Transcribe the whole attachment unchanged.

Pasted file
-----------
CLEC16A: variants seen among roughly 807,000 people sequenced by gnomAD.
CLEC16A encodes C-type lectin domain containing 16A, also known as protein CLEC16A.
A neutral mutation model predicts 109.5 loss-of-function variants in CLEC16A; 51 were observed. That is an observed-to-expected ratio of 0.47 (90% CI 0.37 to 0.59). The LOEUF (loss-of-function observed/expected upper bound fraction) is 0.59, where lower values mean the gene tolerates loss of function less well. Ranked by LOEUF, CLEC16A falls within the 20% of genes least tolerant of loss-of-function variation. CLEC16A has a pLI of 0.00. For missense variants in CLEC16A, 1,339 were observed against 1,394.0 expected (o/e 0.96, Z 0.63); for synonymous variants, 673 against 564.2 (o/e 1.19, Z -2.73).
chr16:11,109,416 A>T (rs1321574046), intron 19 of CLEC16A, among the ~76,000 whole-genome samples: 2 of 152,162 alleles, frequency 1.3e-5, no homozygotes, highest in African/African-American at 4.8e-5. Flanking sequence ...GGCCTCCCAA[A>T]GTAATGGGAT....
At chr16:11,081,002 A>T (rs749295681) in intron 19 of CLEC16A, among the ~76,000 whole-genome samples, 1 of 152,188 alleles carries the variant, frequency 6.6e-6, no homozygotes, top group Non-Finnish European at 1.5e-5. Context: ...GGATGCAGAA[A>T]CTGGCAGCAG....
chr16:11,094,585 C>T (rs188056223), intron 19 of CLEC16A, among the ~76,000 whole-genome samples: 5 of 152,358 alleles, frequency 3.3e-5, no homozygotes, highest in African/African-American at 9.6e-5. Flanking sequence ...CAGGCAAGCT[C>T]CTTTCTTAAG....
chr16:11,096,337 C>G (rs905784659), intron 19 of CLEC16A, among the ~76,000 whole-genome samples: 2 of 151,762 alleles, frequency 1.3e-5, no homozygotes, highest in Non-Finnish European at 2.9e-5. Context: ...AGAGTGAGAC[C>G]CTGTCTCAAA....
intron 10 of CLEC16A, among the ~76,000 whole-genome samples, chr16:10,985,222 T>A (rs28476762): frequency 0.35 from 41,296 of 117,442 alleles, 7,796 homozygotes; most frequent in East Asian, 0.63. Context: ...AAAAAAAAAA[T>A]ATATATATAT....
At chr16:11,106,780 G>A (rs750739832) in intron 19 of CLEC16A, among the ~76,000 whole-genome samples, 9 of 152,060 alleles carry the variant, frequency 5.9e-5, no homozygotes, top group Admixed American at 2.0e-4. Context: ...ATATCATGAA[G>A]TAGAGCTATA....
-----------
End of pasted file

CLEC16A: variants seen among roughly 807,000 people sequenced by gnomAD.
CLEC16A encodes C-type lectin domain containing 16A, also known as protein CLEC16A.
A neutral mutation model predicts 109.5 loss-of-function variants in CLEC16A; 51 were observed. That is an observed-to-expected ratio of 0.47 (90% CI 0.37 to 0.59). The LOEUF (loss-of-function observed/expected upper bound fraction) is 0.59, where lower values mean the gene tolerates loss of function less well. Ranked by LOEUF, CLEC16A falls within the 20% of genes least tolerant of loss-of-function variation. CLEC16A has a pLI of 0.00. For missense variants in CLEC16A, 1,339 were observed against 1,394.0 expected (o/e 0.96, Z 0.63); for synonymous variants, 673 against 564.2 (o/e 1.19, Z -2.73).
chr16:11,109,416 A>T (rs1321574046), intron 19 of CLEC16A, among the ~76,000 whole-genome samples: 2 of 152,162 alleles, frequency 1.3e-5, no homozygotes, highest in African/African-American at 4.8e-5. Flanking sequence ...GGCCTCCCAA[A>T]GTAATGGGAT....
At chr16:11,081,002 A>T (rs749295681) in intron 19 of CLEC16A, among the ~76,000 whole-genome samples, 1 of 152,188 alleles carries the variant, frequency 6.6e-6, no homozygotes, top group Non-Finnish European at 1.5e-5. Context: ...GGATGCAGAA[A>T]CTGGCAGCAG....
chr16:11,094,585 C>T (rs188056223), intron 19 of CLEC16A, among the ~76,000 whole-genome samples: 5 of 152,358 alleles, frequency 3.3e-5, no homozygotes, highest in African/African-American at 9.6e-5. Flanking sequence ...CAGGCAAGCT[C>T]CTTTCTTAAG....
chr16:11,096,337 C>G (rs905784659), intron 19 of CLEC16A, among the ~76,000 whole-genome samples: 2 of 151,762 alleles, frequency 1.3e-5, no homozygotes, highest in Non-Finnish European at 2.9e-5. Context: ...AGAGTGAGAC[C>G]CTGTCTCAAA....
intron 10 of CLEC16A, among the ~76,000 whole-genome samples, chr16:10,985,222 T>A (rs28476762): frequency 0.35 from 41,296 of 117,442 alleles, 7,796 homozygotes; most frequent in East Asian, 0.63. Context: ...AAAAAAAAAA[T>A]ATATATATAT....
At chr16:11,106,780 G>A (rs750739832) in intron 19 of CLEC16A, among the ~76,000 whole-genome samples, 9 of 152,060 alleles carry the variant, frequency 5.9e-5, no homozygotes, top group Admixed American at 2.0e-4. Context: ...ATATCATGAA[G>A]TAGAGCTATA....